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Escalating Violence Affecting Haiti Ministry

Escalating civil violence in Haiti’s capital, Port-au-Prince, is directly affecting Chicago-based Bible League’s ministry in the troubled state.

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By Kenneth Chan, Christian Post Editor
July 19, 2005|8:36 am

Escalating civil violence in Haiti’s capital, Port-au-Prince, is directly affecting a ministry that distributes Scriptures for evangelism, discipleship, and church growth.

“We’re closing the office early every day due to the country’s problems,” said Pierre Philippe, who oversees the Chicago-based Bible League’s ministry in Haiti. “All our vehicles are put away because kidnappers are hijacking cars from people. That’s the worst thing right now—people are being kidnapped for money.”

According the Bible League, the kidnappings are the latest trend in a relentless string of violence and political instability since deposed President, Jean Bertrand Aristide, was removed from office in February 2004. The situation is expected to continue—and possibly worsen—until an elected president takes office in February 2006, ending a two-year transitional period for Haiti’s government.

Foreign diplomats and Haitian authorities estimate that six to 12 kidnappings are occurring in Port-au-Prince every day, according to news reports. One such report said that Haitian officials blame much of the kidnapping on well-armed, pro-Aristide street gangs. However, drug traffickers and others with alleged political motives are also involved. Victims range from wealthy business owners to working-class Haitians. Wealthier Haitians are said to be closing shops and laying off workers before fleeing the capital, which is feeding into the cycle of poverty.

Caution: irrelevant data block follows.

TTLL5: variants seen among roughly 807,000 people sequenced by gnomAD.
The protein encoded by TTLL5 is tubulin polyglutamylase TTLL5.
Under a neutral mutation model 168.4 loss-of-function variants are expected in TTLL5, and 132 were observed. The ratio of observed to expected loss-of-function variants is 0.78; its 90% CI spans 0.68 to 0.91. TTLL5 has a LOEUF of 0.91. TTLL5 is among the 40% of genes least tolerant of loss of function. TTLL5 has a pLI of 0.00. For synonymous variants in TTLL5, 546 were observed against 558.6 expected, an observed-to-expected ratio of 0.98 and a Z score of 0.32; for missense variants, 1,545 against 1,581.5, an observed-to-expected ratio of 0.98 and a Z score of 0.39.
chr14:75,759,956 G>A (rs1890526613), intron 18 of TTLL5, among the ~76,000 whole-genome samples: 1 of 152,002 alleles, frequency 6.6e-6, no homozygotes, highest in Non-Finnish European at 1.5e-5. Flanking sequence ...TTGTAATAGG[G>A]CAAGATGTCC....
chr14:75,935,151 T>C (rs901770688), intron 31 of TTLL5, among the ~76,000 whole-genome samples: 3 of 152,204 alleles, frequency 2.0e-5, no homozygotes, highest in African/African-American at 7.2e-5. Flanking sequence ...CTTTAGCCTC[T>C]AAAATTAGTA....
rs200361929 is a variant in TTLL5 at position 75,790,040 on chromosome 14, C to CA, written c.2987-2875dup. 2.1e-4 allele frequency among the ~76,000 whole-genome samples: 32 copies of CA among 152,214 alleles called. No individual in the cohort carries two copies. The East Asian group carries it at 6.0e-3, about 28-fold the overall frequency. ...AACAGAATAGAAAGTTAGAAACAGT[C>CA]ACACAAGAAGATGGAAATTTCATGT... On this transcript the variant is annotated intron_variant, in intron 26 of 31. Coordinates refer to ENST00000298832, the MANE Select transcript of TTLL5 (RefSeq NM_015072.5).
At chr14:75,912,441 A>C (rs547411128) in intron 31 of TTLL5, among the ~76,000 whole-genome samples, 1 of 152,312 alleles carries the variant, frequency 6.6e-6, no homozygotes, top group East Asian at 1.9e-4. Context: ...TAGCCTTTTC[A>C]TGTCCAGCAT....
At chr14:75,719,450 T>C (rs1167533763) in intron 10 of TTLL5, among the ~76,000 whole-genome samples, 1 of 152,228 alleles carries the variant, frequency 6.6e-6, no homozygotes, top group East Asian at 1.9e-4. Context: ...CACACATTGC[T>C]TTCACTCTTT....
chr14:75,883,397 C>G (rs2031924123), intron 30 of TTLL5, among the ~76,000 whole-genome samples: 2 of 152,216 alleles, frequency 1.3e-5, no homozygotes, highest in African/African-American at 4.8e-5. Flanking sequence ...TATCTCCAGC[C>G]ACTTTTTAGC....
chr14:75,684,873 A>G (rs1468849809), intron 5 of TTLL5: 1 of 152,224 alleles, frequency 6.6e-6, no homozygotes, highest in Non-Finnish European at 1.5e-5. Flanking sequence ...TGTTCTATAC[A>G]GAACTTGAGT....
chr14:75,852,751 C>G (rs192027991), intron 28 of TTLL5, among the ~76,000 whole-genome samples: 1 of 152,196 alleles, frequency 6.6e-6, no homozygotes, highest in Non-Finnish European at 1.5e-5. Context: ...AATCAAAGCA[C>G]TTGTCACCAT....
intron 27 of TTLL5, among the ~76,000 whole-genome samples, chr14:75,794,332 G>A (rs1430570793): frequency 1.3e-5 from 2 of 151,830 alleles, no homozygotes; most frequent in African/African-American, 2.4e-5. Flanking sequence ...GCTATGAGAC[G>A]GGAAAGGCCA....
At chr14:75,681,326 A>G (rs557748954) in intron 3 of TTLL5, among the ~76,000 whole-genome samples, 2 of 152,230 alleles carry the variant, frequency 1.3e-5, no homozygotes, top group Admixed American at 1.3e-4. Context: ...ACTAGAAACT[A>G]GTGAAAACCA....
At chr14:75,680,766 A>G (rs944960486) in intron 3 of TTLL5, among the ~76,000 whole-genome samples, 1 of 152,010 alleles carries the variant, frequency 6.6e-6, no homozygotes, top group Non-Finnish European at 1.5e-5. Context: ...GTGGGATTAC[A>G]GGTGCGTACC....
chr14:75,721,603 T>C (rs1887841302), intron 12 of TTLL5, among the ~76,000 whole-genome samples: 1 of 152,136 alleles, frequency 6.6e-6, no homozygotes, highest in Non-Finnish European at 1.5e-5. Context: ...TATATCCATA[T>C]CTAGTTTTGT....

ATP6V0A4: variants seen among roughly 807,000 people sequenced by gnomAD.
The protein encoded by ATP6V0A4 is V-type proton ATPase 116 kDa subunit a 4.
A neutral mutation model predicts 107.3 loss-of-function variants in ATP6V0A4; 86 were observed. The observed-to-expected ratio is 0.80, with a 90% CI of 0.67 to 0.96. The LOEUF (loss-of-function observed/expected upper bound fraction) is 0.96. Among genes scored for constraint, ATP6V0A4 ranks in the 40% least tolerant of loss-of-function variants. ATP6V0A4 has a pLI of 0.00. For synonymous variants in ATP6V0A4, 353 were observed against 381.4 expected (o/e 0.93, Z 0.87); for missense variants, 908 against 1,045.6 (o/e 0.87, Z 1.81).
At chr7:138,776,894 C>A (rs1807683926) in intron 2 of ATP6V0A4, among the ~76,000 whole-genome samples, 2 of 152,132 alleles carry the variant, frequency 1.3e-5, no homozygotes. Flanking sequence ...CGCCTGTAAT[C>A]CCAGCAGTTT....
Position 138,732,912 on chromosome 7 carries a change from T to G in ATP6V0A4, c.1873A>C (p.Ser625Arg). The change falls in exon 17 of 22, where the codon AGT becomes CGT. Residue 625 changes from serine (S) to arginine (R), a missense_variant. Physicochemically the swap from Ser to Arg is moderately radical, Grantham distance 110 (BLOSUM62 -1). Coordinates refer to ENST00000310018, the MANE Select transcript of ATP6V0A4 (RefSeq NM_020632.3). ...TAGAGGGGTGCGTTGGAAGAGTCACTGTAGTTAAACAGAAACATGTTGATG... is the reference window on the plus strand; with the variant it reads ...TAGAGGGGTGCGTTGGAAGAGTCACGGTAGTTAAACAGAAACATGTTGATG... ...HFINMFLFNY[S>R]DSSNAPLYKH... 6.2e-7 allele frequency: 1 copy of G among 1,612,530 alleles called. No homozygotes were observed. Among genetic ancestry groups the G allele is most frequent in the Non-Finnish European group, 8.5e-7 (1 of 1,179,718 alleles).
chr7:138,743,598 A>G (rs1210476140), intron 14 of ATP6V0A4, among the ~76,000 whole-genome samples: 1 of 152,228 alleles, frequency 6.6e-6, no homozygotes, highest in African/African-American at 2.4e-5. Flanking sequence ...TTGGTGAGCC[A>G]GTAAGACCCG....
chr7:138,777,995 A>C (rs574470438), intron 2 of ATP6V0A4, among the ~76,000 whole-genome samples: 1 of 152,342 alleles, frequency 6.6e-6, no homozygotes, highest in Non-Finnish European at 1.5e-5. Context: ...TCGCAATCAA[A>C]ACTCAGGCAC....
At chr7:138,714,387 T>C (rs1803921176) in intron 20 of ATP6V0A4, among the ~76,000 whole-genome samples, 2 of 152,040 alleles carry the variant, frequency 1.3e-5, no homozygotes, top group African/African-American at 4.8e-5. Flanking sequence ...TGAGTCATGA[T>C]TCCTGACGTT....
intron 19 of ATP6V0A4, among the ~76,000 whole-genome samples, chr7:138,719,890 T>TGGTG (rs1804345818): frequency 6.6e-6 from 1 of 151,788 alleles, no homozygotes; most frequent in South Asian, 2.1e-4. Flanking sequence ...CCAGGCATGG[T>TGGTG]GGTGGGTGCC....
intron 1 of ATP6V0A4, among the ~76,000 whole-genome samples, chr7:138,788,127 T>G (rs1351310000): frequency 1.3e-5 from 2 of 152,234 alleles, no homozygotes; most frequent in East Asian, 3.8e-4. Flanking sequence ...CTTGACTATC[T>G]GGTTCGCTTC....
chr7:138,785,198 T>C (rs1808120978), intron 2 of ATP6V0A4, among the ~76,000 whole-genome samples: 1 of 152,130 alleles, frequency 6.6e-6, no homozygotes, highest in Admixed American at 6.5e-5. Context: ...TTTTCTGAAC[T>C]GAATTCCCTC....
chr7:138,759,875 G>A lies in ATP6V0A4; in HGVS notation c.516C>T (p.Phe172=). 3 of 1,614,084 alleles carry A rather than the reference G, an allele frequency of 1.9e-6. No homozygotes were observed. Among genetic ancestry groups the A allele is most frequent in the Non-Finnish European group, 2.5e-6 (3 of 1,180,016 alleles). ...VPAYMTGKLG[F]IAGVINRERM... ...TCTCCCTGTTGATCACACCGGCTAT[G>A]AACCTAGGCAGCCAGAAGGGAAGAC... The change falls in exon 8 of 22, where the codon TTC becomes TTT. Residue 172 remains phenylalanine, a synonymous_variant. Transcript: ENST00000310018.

In addition to the kidnappings, Philippe said, there are rapes and murders occurring daily, and armed bandits are burning homes and stores in many towns around Port-au-Prince.

“All these towns are areas of high risk, and they are known as regions where the law does not exist,” he stated.

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Currently, the Bible League serves local churches in Haiti and has provided Bibles and New Testaments to more than 72,000 Haitians over the course of last year. Iin 2004, nearly 6,000 people joined local churches, and 55 new churches were established, the Bible League reported.

However, the current situation is impairing the ministry’s ability to share God’s Word. According to the ministry, many Bible League-affiliated pastors and church leaders have been victims of gang violence and kidnappings. Some are leaving their nearly-abandoned communities, while others are left to protect empty churches.

“The presidential election is near, and the closer we get the more violent it gets here,” said Philippe. “But the Lord has been faithful and keeps His promise, and we ask for your prayers for the evangelical Haitian community.”

According to a recent report, Philippines President Gloria Macapagal-Arroyo authorized today the deployment of 200 additional soldiers to the troubled Caribbean state of Haiti. In her speech at the 107th founding anniversary of the Department of Foreign Affairs in Malacañang, Macapagal-Arroyo said sending of additional forces was part of the country’s “engagement in the world in keeping peace.”

 

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